Postscript: Erik did move forward. He weathered the early, tragic death of his mother; went on to finish school, eventually taught middle school, and coached a school wrestling team. But for that story, you need to read the book�and it is worth reading. After the Mount Everest Expedition (which is described in the 2002 edition of the book), Erik completed climbs of all Seven Summits�the highest peaks on each of the seven continents (he is one of fewer than 100 individuals to accomplish this feat). The documentary of the Everest Expedition, Farther Than the Eye Can See, is now playing nationwide with much of the proceeds going to non-profit organizations such as the National Federation of the Blind. Erik is in much demand as an inspirational speaker at school, corporate, and non-profit organization events. Despite the demands of being a celebrity, Erik never loses his focus on the importance of family�he remains close to his father; is a devoted husband to his wife, Ellie; and is the proud father of two-year-old Emma. He also continues to seek out ways to fulfill his ambition to live a life of adventure. As this issue goes to press, Erik is embarking on a climb of Mount Huntington and other nearby peaks in Alaska. In 2004, he will compete as a member of a four-person team in the Eco Challenge; the most arduous adventure race in the world.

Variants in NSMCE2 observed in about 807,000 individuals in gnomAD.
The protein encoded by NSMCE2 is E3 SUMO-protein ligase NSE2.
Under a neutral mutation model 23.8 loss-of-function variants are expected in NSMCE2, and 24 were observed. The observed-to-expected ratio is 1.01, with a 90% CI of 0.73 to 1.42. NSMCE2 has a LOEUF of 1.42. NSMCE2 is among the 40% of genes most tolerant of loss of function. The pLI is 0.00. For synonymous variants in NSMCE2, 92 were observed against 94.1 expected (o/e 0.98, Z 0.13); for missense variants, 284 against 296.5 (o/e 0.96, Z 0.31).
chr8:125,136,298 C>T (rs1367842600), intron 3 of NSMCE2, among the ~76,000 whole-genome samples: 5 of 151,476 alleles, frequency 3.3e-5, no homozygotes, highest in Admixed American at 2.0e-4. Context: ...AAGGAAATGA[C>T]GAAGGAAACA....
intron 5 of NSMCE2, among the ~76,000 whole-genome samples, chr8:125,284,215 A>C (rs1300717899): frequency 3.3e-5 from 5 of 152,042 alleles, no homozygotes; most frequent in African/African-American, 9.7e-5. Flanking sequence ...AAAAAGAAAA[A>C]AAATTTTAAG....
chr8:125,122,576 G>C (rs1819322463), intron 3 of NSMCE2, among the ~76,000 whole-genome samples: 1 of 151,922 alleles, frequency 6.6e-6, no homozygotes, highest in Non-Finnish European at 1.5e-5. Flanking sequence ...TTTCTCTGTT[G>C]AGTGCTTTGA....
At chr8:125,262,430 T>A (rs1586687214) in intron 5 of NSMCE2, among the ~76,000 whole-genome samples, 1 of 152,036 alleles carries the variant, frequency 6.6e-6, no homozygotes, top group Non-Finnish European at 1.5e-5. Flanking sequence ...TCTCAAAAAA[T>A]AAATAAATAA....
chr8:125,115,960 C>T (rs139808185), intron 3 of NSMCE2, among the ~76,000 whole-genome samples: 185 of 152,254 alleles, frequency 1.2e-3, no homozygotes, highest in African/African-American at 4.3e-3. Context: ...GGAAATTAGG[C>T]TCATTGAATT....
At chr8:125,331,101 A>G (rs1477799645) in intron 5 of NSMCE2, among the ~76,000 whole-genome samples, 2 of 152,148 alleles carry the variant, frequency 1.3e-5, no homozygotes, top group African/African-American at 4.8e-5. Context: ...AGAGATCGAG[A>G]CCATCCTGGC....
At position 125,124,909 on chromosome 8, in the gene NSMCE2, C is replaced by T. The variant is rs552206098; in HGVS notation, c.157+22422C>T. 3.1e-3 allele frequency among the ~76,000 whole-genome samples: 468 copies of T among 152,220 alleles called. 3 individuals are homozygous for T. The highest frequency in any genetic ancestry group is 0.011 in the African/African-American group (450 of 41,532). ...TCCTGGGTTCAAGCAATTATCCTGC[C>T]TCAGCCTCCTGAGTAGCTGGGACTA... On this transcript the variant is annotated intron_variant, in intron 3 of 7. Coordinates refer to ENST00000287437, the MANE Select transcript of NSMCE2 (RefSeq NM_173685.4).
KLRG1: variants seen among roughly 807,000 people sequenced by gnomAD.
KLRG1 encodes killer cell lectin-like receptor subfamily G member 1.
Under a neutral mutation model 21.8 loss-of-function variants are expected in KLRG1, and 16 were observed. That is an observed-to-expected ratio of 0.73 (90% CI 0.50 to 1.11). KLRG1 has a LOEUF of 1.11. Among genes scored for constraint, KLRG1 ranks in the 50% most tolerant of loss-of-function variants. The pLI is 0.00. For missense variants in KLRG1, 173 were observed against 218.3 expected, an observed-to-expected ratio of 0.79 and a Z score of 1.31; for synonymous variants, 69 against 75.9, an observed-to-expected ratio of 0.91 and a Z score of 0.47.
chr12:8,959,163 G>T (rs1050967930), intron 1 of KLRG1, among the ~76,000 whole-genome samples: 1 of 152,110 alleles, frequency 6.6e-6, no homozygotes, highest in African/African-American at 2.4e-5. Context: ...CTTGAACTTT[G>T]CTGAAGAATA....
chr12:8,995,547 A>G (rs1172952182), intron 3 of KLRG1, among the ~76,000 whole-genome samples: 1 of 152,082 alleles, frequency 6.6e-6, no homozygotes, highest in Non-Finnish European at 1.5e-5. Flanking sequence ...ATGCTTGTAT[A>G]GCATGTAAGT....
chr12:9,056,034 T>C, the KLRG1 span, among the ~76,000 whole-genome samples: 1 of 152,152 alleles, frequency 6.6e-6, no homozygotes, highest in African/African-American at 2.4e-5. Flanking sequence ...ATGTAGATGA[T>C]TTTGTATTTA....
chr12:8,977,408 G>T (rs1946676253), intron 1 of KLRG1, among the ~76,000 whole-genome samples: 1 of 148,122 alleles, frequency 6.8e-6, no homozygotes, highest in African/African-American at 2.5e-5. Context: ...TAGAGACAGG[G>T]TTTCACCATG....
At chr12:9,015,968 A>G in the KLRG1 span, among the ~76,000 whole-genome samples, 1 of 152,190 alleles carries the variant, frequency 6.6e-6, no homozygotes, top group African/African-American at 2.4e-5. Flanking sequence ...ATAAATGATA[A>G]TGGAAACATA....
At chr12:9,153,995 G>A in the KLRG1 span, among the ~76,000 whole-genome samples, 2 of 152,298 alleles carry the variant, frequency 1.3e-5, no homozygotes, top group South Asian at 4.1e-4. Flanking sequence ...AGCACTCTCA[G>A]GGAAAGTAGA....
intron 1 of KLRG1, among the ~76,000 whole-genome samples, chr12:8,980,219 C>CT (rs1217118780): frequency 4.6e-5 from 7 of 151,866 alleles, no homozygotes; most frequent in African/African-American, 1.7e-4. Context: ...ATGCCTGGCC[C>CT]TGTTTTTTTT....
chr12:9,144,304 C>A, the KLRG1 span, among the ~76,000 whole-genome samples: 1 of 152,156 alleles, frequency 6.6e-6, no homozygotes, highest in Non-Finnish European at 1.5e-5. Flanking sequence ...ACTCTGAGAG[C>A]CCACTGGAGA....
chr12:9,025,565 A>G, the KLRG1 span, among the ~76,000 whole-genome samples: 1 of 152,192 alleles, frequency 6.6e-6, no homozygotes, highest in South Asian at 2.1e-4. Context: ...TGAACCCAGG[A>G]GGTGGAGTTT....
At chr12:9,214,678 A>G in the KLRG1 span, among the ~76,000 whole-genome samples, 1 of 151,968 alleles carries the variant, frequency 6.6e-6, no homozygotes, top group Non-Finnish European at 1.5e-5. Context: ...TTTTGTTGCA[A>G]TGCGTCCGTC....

Yes, Erik Weihenmayer is, in all ways, a worthy hero. But there is another blind hero in this story, too. In the new afterward to his book, Erik describes how the Everest Expedition came into being. Essential to expeditions of this nature is a sponsor; someone or some entity to pay the bills. In the book, Erik explains how that problem was solved:

�I had an idea for sponsorship: the National Federation of the Blind, a consumer group of blind people fifty thousand strong and with chapters in every state. Their mission was simple and revolutionary, at first angering the bureaucratic establishment of blindness professionals: blind people working on behalf of themselves, taking their destiny into their own hands. When I visited their headquarters, the president, Dr. Maurer, was immediately elated. �Our goal has been to associate blindness with a sense of adventure, to wipe the dust off the image of blindness. If you are successful, the sighted world won't envision a blind person pining away in a dark room anymore, but standing on top of the world.'�

Because two blind men�Erik Weihenmayer, blind adventurer and mountain climber, and Marc Maurer, leader of the largest organization of the blind in the world�had the courage to dream, a blind man stands on the top of the World, and no one will ever think of blindness in quite the same old, dusty, dark way again.